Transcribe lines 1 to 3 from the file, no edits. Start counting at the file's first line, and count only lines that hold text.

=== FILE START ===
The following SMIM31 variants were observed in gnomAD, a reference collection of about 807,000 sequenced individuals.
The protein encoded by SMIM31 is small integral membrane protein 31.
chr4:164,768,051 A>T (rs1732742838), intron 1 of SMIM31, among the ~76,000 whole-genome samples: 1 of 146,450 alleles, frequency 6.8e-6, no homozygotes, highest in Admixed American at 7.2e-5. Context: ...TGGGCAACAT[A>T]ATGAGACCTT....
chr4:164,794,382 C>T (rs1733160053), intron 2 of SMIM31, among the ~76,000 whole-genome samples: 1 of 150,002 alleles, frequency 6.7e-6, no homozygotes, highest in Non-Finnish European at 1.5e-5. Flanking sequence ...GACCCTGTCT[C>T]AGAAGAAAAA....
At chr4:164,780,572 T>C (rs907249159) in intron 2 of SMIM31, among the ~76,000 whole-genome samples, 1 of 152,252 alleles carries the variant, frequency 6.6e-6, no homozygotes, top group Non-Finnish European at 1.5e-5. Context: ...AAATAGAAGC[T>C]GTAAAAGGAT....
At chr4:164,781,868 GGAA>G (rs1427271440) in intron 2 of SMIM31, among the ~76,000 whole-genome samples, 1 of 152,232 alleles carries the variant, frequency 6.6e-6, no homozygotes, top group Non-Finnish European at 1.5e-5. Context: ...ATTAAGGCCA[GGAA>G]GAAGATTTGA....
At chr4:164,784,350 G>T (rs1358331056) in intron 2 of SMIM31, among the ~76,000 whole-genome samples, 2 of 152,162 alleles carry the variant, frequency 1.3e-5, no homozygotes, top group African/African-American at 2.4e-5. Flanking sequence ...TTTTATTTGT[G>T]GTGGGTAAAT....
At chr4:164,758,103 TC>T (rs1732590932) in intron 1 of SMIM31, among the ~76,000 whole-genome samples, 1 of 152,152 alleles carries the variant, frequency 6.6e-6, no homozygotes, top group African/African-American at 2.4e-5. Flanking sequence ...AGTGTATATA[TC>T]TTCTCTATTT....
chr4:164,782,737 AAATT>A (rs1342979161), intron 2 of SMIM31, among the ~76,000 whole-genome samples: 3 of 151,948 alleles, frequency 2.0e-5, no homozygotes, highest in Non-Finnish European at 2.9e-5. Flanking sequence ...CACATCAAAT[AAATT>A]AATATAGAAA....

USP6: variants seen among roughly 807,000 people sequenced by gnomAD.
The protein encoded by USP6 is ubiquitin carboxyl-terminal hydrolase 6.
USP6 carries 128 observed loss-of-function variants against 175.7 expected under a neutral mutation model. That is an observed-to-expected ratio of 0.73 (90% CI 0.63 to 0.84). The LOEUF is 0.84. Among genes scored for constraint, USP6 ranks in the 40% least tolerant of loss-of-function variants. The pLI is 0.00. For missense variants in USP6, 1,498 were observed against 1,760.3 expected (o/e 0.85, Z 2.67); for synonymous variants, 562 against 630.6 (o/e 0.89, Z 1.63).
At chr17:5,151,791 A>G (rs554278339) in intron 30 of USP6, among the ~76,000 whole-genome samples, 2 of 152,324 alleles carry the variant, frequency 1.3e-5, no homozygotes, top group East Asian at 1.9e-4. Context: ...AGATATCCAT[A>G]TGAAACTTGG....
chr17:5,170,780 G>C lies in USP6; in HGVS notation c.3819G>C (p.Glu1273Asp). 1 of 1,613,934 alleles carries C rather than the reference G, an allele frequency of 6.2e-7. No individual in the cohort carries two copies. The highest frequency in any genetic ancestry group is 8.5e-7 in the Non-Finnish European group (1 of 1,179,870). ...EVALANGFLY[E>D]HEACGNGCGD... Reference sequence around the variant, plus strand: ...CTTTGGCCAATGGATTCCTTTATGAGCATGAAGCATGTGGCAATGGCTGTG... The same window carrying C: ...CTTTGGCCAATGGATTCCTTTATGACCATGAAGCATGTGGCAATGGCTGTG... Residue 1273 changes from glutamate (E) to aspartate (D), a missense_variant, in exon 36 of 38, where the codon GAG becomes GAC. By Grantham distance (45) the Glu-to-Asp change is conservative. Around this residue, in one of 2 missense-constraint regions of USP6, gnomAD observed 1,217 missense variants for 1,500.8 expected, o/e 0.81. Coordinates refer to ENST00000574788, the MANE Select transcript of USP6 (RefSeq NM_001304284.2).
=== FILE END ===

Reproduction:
The following SMIM31 variants were observed in gnomAD, a reference collection of about 807,000 sequenced individuals.
The protein encoded by SMIM31 is small integral membrane protein 31.
chr4:164,768,051 A>T (rs1732742838), intron 1 of SMIM31, among the ~76,000 whole-genome samples: 1 of 146,450 alleles, frequency 6.8e-6, no homozygotes, highest in Admixed American at 7.2e-5. Context: ...TGGGCAACAT[A>T]ATGAGACCTT....